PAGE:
ʻOhana is Community – Kaʻiulani Bowers, Hawaiian Lifeguard
In Hawai‘i, there’s a tight-knit community of public servants that have traded neckties and computers for swim fins and a rescue board to achieve a different kind of success. Lifeguarding in the Islands is a highly respected profession born from a hard-earned outdoor lifestyle of ocean knowledge, elite physical fitness, and the innate bravery to put oneself in harm’s way to save lives in dangerous situations. And it all begins with the sharing of knowledge from one generation to the next. Water Safety Officer II Kaʻiulani Bowers has been guarding for 10 years on O‘ahu’s rugged Ka Iwi Coast. “When most people are running away from danger, I’m running straight into it,” Kaʻiulani says, one of nine female guards on the force. Kaʻiulani took us on her favorite trail runs and swimming spots on O‘ahu’s beautiful windswept southeast coastline.
Share with us how it feels to be one of only a few women in this line of work.
There are only nine of us out of 300 guards. I really had to earn everyone’s respect—doing double training breaks, going out when it’s huge, taking the rescue board out and getting worked, but just keep trying, keep doing it. It’s a gnarly job. You are constantly putting yourself into harms way. And not everyone’s cut out for it. It takes a really amazing human to want to do this job. It doesn’t matter to me if it’s a boy, girl, man, or woman—just to be able to learn that basic knowledge of awareness, you can apply it anywhere.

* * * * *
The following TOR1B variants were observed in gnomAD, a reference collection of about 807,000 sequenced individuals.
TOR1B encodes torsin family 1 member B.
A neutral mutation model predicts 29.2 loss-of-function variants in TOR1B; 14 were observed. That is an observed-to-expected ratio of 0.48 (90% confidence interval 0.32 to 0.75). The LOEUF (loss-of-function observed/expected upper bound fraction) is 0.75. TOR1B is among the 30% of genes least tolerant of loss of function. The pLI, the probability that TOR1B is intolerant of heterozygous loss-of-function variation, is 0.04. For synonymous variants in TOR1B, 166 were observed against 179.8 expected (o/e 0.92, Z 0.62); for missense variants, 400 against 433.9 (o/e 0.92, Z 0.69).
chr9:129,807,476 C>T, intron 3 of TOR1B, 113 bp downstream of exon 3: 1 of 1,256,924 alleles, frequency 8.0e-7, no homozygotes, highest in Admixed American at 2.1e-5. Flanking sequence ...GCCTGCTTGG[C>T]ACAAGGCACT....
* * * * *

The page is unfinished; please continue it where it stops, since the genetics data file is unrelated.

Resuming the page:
You have a comprehensive daily training program. What are some of the activities you get up to?
Lifeguarding is a lifestyle. It’s not just a job for us. I base my workouts on the ocean conditions. If the water’s nice, I’m swimming. If there are waves, I’m surfing. If it’s flat, I’m training—running in the sand and running rocks underwater in Hanauma Bay, which is a great training place because there are a bunch of trials you can run from the beach up the ridges. We’ll also take the boards and paddle all the way down to the sea caves. It’s mental. I also body surf Sandy Beach and Makapu‘u. A lot of times we’ll just do run-swims at Makapu‘u. We’ll run the entire beach, jump in, swim, then double run the beach again and swim back the opposite way because you want to feel what it’s like to go against the current. Sometimes I don’t even feel like I’m working. It’s more like an adventure and it’s something that I’m so lucky to do.
What’s it like to be part of the Hawai‘i lifeguard ‘ohana?
It’s honestly the most incredible family I’ve ever had because these are people I trust with my life. When I go out, I know that if I need backup, they’re going to come. I know they’re watching me.
So now you’re passing that spirit and knowledge along to the next generation of junior guards?
Right. I’ve been teaching the junior lifeguard program for nine years at the Ala Moana site. It’s an honor to be able to help people and be in this lifestyle. I want to pass that on. I tell the kids that whatever you do, just be passionate and give it everything you have. If you can find something that you love and you dedicate everything that you’ve got, then you’ll be stoked the rest of your life, you’ll prosper, and you’ll be able to pass the stoke on to everyone else.